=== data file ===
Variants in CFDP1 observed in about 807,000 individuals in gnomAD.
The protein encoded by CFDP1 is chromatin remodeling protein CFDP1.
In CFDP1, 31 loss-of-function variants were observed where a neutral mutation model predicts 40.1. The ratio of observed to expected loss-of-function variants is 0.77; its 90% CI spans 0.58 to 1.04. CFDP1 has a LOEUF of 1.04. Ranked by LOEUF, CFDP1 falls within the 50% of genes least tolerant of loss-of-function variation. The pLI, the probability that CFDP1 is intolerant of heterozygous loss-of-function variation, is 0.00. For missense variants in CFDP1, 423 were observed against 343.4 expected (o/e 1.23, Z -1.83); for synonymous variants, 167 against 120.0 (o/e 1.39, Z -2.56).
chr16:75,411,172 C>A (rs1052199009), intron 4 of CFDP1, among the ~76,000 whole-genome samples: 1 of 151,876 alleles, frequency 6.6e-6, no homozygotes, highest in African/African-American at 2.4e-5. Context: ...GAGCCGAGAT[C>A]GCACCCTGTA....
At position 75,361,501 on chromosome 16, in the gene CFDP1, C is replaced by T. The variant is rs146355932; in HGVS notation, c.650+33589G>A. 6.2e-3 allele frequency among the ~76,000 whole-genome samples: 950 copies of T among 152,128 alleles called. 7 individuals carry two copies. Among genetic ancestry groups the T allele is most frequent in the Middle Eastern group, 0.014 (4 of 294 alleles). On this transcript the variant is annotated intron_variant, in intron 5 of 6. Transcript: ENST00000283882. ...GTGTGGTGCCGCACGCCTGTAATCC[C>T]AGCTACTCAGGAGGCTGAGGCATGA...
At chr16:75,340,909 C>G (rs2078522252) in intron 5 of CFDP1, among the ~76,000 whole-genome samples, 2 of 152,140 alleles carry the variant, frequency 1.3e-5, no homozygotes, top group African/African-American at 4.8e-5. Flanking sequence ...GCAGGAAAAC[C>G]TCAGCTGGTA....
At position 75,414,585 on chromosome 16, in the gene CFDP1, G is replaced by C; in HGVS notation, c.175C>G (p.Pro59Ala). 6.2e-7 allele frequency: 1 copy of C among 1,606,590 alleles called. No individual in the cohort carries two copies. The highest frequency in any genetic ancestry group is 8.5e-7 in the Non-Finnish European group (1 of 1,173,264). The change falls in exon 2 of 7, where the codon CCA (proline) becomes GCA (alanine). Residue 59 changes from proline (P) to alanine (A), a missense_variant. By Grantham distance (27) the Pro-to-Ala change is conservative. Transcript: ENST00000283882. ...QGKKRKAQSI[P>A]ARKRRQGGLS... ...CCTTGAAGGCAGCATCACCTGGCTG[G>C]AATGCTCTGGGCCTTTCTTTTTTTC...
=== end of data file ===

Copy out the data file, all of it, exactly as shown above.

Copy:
Variants in CFDP1 observed in about 807,000 individuals in gnomAD.
The protein encoded by CFDP1 is chromatin remodeling protein CFDP1.
In CFDP1, 31 loss-of-function variants were observed where a neutral mutation model predicts 40.1. The ratio of observed to expected loss-of-function variants is 0.77; its 90% CI spans 0.58 to 1.04. CFDP1 has a LOEUF of 1.04. Ranked by LOEUF, CFDP1 falls within the 50% of genes least tolerant of loss-of-function variation. The pLI, the probability that CFDP1 is intolerant of heterozygous loss-of-function variation, is 0.00. For missense variants in CFDP1, 423 were observed against 343.4 expected (o/e 1.23, Z -1.83); for synonymous variants, 167 against 120.0 (o/e 1.39, Z -2.56).
chr16:75,411,172 C>A (rs1052199009), intron 4 of CFDP1, among the ~76,000 whole-genome samples: 1 of 151,876 alleles, frequency 6.6e-6, no homozygotes, highest in African/African-American at 2.4e-5. Context: ...GAGCCGAGAT[C>A]GCACCCTGTA....
At position 75,361,501 on chromosome 16, in the gene CFDP1, C is replaced by T. The variant is rs146355932; in HGVS notation, c.650+33589G>A. 6.2e-3 allele frequency among the ~76,000 whole-genome samples: 950 copies of T among 152,128 alleles called. 7 individuals carry two copies. Among genetic ancestry groups the T allele is most frequent in the Middle Eastern group, 0.014 (4 of 294 alleles). On this transcript the variant is annotated intron_variant, in intron 5 of 6. Transcript: ENST00000283882. ...GTGTGGTGCCGCACGCCTGTAATCC[C>T]AGCTACTCAGGAGGCTGAGGCATGA...
At chr16:75,340,909 C>G (rs2078522252) in intron 5 of CFDP1, among the ~76,000 whole-genome samples, 2 of 152,140 alleles carry the variant, frequency 1.3e-5, no homozygotes, top group African/African-American at 4.8e-5. Flanking sequence ...GCAGGAAAAC[C>G]TCAGCTGGTA....
At position 75,414,585 on chromosome 16, in the gene CFDP1, G is replaced by C; in HGVS notation, c.175C>G (p.Pro59Ala). 6.2e-7 allele frequency: 1 copy of C among 1,606,590 alleles called. No individual in the cohort carries two copies. The highest frequency in any genetic ancestry group is 8.5e-7 in the Non-Finnish European group (1 of 1,173,264). The change falls in exon 2 of 7, where the codon CCA (proline) becomes GCA (alanine). Residue 59 changes from proline (P) to alanine (A), a missense_variant. By Grantham distance (27) the Pro-to-Ala change is conservative. Transcript: ENST00000283882. ...QGKKRKAQSI[P>A]ARKRRQGGLS... ...CCTTGAAGGCAGCATCACCTGGCTG[G>C]AATGCTCTGGGCCTTTCTTTTTTTC...